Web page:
Standing At Sinai with Everyone…

I love spring. I love the warmth, the sense of new life, the sense of rebirth after the winter. But for families with kids with special needs, like mine, spring is also a time of unique challenges: lots of holidays full of potential for sensory overload; lots of end-of-the-school-year events; the school year routine changes, and summer, though optimally a time for relaxing, is often harder to negotiate even than the school year, simply because the day-to-day schedule is so different.

Spring is also a time of graduations, and new chapters for many young people. So for those of us who have children walking a different path, children who are not necessarily able to graduate and move on into new and “exciting” life chapters, it is also a bit of a mine-field socially: you are excited and happy for your friends’ kids, and you have to be adept at side-stepping the small talk at graduation parties when well-meaning acquaintances ask the regular questions: “So what are your kids up to? Where is s/he going to college? What did s/he graduate in? Does s/he have a job yet? Where is s/he going to be living after moving out?” Etc etc….

Some of you know me personally, so you know that I am a musician that wears many hats, and with one of my hats I use music to present about disability awareness and inclusion. Over the years that I have been presenting workshops and concerts, I have found myself curious about how different religious texts speak about inclusion, and I have sometimes reflected these teachings in songs. Most religious and cultural frameworks teach some form of the “golden rule”- to treat others the way one would like to be treated by others. Simple right?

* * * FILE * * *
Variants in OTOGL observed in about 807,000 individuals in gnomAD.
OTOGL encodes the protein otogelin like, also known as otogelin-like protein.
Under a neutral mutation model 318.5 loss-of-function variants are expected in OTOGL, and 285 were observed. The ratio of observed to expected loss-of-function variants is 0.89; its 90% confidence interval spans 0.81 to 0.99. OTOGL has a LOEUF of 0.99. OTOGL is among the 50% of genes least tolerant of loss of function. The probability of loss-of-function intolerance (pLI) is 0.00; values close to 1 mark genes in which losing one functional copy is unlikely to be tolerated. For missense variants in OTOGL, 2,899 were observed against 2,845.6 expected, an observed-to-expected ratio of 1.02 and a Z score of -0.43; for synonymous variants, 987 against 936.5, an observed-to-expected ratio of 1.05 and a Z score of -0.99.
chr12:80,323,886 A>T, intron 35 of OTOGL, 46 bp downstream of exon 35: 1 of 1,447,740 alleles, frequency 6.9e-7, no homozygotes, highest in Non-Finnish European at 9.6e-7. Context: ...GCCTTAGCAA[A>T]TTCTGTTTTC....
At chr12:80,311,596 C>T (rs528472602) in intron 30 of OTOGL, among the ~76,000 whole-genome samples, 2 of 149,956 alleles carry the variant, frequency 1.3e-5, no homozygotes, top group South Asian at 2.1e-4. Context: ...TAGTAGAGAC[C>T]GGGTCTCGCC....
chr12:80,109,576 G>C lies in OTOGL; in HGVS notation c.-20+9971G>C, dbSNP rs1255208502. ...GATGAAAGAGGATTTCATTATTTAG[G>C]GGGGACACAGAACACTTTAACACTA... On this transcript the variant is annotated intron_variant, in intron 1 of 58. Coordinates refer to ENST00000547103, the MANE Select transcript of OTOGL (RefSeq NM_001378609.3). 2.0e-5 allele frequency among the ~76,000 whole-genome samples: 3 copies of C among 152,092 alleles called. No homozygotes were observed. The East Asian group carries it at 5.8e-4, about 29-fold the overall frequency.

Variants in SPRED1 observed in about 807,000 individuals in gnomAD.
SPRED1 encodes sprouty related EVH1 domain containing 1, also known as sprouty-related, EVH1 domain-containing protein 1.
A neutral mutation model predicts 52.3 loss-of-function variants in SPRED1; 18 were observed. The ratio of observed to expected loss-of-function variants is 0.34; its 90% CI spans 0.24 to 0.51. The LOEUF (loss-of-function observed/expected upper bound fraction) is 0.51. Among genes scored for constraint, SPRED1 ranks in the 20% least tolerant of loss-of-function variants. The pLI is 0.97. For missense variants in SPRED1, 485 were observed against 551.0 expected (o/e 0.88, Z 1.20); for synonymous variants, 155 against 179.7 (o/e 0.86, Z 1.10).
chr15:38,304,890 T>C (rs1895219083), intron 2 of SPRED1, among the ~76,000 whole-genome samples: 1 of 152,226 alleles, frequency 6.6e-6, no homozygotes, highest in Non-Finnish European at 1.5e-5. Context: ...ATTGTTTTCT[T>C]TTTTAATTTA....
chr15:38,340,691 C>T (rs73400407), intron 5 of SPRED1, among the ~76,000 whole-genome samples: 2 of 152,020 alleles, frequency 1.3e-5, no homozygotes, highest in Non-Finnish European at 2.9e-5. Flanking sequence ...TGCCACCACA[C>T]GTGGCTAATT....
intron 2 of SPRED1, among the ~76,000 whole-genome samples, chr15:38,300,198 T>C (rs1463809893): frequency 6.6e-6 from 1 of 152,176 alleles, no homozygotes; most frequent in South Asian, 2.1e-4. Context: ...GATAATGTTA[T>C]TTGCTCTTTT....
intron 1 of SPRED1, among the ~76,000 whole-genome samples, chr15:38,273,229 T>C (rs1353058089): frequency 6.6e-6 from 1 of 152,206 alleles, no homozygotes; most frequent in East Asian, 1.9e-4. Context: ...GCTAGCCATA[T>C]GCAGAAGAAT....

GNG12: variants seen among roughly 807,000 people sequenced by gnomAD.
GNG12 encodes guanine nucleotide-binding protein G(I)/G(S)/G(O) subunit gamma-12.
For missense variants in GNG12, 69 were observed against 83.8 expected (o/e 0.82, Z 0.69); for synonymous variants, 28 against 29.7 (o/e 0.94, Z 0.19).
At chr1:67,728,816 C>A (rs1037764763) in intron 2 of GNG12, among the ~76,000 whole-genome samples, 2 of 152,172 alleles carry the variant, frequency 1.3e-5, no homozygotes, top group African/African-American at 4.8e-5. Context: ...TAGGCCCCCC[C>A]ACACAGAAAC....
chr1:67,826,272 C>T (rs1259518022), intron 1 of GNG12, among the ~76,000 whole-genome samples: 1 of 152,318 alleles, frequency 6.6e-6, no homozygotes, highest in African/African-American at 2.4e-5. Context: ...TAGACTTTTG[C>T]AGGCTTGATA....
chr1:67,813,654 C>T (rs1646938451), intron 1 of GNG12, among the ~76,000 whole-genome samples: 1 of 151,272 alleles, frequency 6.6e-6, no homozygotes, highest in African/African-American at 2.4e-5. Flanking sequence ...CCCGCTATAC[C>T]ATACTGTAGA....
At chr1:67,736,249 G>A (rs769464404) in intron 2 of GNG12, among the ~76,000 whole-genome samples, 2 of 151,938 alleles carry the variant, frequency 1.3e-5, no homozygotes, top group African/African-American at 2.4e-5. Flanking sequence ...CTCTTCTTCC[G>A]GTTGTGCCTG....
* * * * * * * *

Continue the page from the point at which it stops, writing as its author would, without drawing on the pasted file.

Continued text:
As legend tells it, Rabbi Hillel, who is believed to have lived around 110 BCE – 10 CE, was asked to describe Judaism while standing on one leg, and he is purported to have said, “What is hateful to thee, do not unto thy fellow man: this is the whole Law; the rest is mere commentary, go and study.”

So, not only is it a simple rule, it’s also the most important one…but it doesn’t take much to recognize that our world is not currently functioning according to this teaching, (and maybe never did?) Certainly the judgement, disrespect and manipulative abuse of people with disabilities and special needs is only a small part of this issue.

I ask myself regularly, why can’t we just treat others the way we want to be treated? I think, quite frankly, that we all have contradictory messages in our heads. On one hand, we know that we should be tolerant and compassionate, and on the other hand, we often have subconscious fears of people who are deemed “different” than us in some ways. And when someone has a “disability” as that difference, there is a pushing away that accompanies the fear.

But where does this fear come from? Well, along with the ancient texts teaching compassion, there are also multiple texts that imply that to be different is bad.

The Jewish holiday of Shavu’ot is coming up. Shavu’ot takes place 50 days after Passover, and originally celebrated the first harvest of barley. Over the generations it has also come to be a celebration of the Jewish people receiving the Torah at Mt. Sinai. A saying in Jewish teaching is that we should always behave as though we ourselves were standing at Mt. Sinai on that day long ago, part of the crowd that was present and happily accepting the Torah as a guide for how to live.

But there is a legend, a Midrash, called, “The Miracle that Happened to the Israelites with Disabilities When the Torah Was Given.”

(Hebrew below.) The Midrash tells the following story: